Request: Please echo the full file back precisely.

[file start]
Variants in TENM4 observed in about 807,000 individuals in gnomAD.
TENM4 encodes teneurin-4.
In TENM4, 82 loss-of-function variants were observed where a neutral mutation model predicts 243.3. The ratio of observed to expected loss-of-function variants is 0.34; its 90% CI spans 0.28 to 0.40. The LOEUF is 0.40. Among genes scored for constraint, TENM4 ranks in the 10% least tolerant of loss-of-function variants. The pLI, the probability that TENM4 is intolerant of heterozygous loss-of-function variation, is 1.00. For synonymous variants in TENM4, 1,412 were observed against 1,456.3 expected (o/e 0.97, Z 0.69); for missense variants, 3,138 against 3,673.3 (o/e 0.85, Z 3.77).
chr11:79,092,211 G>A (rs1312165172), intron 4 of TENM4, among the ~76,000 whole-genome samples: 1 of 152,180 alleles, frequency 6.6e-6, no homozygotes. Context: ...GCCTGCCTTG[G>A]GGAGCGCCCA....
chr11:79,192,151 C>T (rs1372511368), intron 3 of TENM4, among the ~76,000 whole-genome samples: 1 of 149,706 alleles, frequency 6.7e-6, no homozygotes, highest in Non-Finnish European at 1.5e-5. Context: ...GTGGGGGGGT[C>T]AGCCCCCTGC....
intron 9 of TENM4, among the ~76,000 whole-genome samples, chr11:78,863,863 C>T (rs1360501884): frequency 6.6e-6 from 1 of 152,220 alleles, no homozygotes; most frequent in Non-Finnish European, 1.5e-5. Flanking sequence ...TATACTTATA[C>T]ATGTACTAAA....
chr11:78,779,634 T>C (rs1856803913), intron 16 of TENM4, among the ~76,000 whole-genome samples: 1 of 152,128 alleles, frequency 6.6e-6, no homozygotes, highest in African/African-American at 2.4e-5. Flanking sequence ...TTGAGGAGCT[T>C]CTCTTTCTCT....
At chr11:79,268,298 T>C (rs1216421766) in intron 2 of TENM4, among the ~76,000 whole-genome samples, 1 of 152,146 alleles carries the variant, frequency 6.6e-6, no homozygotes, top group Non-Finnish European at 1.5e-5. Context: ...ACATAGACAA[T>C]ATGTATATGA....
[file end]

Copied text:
Variants in TENM4 observed in about 807,000 individuals in gnomAD.
TENM4 encodes teneurin-4.
In TENM4, 82 loss-of-function variants were observed where a neutral mutation model predicts 243.3. The ratio of observed to expected loss-of-function variants is 0.34; its 90% CI spans 0.28 to 0.40. The LOEUF is 0.40. Among genes scored for constraint, TENM4 ranks in the 10% least tolerant of loss-of-function variants. The pLI, the probability that TENM4 is intolerant of heterozygous loss-of-function variation, is 1.00. For synonymous variants in TENM4, 1,412 were observed against 1,456.3 expected (o/e 0.97, Z 0.69); for missense variants, 3,138 against 3,673.3 (o/e 0.85, Z 3.77).
chr11:79,092,211 G>A (rs1312165172), intron 4 of TENM4, among the ~76,000 whole-genome samples: 1 of 152,180 alleles, frequency 6.6e-6, no homozygotes. Context: ...GCCTGCCTTG[G>A]GGAGCGCCCA....
chr11:79,192,151 C>T (rs1372511368), intron 3 of TENM4, among the ~76,000 whole-genome samples: 1 of 149,706 alleles, frequency 6.7e-6, no homozygotes, highest in Non-Finnish European at 1.5e-5. Context: ...GTGGGGGGGT[C>T]AGCCCCCTGC....
intron 9 of TENM4, among the ~76,000 whole-genome samples, chr11:78,863,863 C>T (rs1360501884): frequency 6.6e-6 from 1 of 152,220 alleles, no homozygotes; most frequent in Non-Finnish European, 1.5e-5. Flanking sequence ...TATACTTATA[C>T]ATGTACTAAA....
chr11:78,779,634 T>C (rs1856803913), intron 16 of TENM4, among the ~76,000 whole-genome samples: 1 of 152,128 alleles, frequency 6.6e-6, no homozygotes, highest in African/African-American at 2.4e-5. Flanking sequence ...TTGAGGAGCT[T>C]CTCTTTCTCT....
At chr11:79,268,298 T>C (rs1216421766) in intron 2 of TENM4, among the ~76,000 whole-genome samples, 1 of 152,146 alleles carries the variant, frequency 6.6e-6, no homozygotes, top group Non-Finnish European at 1.5e-5. Context: ...ACATAGACAA[T>C]ATGTATATGA....